Archive for the ‘Demoex’ Category

International presentation

September 14, 2010

A liberal AND a social movement

September 1, 2010

Let me quote the market-liberal Milton Friedman:
“The essence of political freedom is the absence of coercion of one man by his fellow men. The fundamental danger to political freedom is the concentration of power. The existence of a large measure of power in the hands of a relatively few individuals enables them to use it to coerce their fellow men. Preservation of freedom requires either the elimination of power where that is possible or its dispersal where it cannot be eliminated.”


It sounds like Milton Friedman would appreciate Demoex. On the other hand, i believe that his antagonist Naomi Klein, working for equality and Global Justice, also would like it.

Can Demoex be both a liberal and a social movement at the same time?

Why a failure?

August 22, 2010

Archives seigneuriales, 1507, Archives de l'Etat de Neuchâtel verso de la bulle (AS-B6.16)

When I started blogging, I was very pessimistic about Demoex’s chances to go forward in the election on 19 September 2010, so I named the blog “a failure“.  The unexpected interest and support from the world outside Vallentuna has successively increased, so now I hope that we were just a little early on stage. Electronic direct democracy might end up as a success.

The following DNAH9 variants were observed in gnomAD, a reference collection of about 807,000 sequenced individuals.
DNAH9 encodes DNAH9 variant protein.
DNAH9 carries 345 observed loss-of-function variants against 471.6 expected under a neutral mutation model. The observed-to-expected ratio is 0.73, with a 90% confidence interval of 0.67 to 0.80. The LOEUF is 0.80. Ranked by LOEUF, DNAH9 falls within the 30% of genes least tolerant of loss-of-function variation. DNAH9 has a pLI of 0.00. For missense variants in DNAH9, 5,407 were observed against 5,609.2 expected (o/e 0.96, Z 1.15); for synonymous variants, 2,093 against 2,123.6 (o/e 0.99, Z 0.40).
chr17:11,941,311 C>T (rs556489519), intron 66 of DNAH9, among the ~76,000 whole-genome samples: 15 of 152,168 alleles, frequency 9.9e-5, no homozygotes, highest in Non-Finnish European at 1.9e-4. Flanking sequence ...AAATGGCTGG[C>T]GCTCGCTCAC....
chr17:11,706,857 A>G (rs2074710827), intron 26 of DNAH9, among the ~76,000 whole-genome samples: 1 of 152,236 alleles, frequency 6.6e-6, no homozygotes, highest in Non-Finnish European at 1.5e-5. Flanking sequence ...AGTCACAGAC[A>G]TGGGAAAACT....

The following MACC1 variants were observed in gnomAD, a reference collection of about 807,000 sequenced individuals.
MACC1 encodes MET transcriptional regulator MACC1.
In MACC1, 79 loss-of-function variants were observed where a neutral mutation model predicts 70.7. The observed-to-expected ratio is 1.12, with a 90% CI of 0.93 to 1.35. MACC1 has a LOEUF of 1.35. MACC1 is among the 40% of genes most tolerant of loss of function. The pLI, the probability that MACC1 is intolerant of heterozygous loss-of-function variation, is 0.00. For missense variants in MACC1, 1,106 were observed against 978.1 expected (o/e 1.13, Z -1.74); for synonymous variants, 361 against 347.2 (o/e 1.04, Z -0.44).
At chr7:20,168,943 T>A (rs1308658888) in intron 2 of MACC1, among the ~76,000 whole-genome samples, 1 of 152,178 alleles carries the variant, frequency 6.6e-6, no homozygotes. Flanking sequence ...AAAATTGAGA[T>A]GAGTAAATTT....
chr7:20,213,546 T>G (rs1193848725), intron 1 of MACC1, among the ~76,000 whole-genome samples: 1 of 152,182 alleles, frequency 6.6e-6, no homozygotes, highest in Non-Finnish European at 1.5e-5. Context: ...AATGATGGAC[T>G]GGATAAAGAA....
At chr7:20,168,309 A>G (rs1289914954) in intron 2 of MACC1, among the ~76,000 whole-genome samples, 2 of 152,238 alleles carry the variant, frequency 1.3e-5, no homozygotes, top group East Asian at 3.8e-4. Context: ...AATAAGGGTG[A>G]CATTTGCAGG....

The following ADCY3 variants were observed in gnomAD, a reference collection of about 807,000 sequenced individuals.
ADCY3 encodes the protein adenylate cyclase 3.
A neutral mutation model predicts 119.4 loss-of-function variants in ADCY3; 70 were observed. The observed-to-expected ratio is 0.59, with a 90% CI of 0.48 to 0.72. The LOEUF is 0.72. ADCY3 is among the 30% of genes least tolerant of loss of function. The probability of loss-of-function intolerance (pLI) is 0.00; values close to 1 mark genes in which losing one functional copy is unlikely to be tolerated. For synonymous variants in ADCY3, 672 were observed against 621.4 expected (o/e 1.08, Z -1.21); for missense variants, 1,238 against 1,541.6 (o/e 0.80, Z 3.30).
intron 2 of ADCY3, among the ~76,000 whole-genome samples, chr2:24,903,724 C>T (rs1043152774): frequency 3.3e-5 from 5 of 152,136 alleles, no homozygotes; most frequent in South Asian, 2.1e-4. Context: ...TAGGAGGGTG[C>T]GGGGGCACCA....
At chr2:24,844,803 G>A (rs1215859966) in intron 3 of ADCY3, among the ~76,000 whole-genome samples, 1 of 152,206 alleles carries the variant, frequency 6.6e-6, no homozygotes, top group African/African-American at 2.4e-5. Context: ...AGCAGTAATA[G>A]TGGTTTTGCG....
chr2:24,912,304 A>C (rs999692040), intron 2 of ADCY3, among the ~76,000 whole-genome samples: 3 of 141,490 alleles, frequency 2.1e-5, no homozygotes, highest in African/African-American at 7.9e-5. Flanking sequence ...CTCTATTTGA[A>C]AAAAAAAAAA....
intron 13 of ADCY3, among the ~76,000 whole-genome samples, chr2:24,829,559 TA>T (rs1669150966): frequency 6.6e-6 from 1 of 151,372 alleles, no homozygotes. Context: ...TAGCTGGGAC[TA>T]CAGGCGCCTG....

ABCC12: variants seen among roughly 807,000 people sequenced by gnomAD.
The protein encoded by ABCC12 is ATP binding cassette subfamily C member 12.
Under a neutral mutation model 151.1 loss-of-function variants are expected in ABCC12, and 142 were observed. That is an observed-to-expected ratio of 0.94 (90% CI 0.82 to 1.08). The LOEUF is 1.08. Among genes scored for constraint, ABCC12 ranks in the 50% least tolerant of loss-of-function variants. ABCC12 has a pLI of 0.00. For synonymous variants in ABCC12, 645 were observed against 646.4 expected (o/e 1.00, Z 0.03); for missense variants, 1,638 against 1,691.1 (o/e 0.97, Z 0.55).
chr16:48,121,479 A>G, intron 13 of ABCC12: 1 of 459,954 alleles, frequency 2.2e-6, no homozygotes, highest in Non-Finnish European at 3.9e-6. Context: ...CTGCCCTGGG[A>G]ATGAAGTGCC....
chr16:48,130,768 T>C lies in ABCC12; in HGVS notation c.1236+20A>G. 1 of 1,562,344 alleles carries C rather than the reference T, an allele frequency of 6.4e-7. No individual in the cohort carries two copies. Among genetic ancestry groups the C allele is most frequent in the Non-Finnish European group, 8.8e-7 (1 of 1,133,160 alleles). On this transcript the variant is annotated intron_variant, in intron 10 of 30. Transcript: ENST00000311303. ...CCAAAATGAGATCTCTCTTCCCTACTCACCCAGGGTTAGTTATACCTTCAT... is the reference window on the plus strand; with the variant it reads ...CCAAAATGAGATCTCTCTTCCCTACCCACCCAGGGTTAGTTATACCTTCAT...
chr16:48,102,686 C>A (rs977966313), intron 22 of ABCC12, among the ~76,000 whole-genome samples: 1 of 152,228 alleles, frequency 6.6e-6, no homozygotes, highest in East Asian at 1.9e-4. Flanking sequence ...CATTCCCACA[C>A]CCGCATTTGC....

Democracy Tourism

August 14, 2010

Vallentuna is not a great tourist destination, but suddenly I stood at the train station and received a democracy tourist! Erdem Ovacik is from Turkey, he is deeply engaged in rational decision-making, and he came to learn more about Demoex, our democracy experiment.


After a day in Vallentuna he had done the analysis: You have great potential, if you will only get a thousand participants you will automatically be taken seriously in politics. He made an inspiring blog post about it.

An interesting way to increase participation as Erdem suggested is to use an information market. It would be no problem for us to reward those who are active by allowing them access to the premium lot. Prices need not be so large, it is enough that it pays to be active. After the elections of 19 September, it is time to change rules and start to get more users – provided that Demoex still remains in the local parliament.

Forced to Compete

July 17, 2010